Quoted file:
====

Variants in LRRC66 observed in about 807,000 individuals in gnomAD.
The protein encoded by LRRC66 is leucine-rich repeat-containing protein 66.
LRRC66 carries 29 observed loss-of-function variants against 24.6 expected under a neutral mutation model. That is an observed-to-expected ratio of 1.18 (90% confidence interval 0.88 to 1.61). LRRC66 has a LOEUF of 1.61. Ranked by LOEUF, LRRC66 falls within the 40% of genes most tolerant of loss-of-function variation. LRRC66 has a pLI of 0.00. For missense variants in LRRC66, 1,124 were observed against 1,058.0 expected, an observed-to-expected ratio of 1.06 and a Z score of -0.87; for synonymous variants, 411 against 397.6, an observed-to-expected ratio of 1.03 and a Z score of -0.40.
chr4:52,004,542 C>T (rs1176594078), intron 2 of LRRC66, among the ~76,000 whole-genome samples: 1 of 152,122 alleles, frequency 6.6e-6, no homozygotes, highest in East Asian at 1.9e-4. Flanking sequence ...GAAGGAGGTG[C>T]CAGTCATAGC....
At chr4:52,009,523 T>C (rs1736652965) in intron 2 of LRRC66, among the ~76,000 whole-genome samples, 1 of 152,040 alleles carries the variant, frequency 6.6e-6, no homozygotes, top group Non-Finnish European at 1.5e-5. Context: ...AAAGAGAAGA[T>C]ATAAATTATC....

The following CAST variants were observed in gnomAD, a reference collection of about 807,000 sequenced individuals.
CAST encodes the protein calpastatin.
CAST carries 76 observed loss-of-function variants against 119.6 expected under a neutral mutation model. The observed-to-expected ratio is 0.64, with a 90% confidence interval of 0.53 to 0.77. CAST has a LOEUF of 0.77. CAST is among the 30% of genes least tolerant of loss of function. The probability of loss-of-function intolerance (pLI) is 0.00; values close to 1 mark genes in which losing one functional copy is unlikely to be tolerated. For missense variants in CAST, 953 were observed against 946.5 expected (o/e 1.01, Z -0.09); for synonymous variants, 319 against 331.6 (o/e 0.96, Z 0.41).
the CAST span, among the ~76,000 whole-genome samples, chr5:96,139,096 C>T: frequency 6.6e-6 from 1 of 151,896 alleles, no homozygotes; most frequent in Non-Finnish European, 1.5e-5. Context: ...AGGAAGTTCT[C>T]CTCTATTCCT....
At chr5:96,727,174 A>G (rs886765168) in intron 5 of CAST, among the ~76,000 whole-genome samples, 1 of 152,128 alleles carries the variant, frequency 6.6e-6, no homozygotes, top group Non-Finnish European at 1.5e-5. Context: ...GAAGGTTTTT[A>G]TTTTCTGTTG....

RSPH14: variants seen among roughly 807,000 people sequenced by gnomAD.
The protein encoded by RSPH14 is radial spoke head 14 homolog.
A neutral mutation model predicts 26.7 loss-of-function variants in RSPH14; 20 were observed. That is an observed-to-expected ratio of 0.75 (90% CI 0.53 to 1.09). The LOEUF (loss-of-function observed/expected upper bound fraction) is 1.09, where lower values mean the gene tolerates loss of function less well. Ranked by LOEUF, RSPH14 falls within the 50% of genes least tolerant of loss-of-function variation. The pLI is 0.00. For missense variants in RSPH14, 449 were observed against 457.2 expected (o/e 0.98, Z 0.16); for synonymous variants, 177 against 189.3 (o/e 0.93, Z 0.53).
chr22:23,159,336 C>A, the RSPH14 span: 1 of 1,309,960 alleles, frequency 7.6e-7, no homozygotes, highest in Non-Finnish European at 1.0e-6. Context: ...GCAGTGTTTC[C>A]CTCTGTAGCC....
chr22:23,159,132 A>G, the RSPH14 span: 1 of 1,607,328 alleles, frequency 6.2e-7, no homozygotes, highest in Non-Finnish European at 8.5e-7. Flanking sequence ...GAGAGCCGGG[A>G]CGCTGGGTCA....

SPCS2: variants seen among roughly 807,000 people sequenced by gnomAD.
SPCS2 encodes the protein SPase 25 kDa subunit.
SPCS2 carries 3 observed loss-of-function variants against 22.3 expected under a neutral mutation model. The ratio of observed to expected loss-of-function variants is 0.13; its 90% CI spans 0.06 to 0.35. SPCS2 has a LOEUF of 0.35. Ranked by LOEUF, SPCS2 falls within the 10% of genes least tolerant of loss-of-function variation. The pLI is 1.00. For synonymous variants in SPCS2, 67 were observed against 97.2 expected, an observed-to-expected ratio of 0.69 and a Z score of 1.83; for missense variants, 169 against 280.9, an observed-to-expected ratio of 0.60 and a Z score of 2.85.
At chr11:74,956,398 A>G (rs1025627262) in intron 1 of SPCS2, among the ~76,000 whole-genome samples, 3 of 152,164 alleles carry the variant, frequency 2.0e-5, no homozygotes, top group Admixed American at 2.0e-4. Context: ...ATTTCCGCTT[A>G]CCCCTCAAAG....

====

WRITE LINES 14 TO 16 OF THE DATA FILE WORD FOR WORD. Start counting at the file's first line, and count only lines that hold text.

chr22:23,159,336 C>A, the RSPH14 span: 1 of 1,309,960 alleles, frequency 7.6e-7, no homozygotes, highest in Non-Finnish European at 1.0e-6. Context: ...GCAGTGTTTC[C>A]CTCTGTAGCC....
chr22:23,159,132 A>G, the RSPH14 span: 1 of 1,607,328 alleles, frequency 6.2e-7, no homozygotes, highest in Non-Finnish European at 8.5e-7. Flanking sequence ...GAGAGCCGGG[A>G]CGCTGGGTCA....

SPCS2: variants seen among roughly 807,000 people sequenced by gnomAD.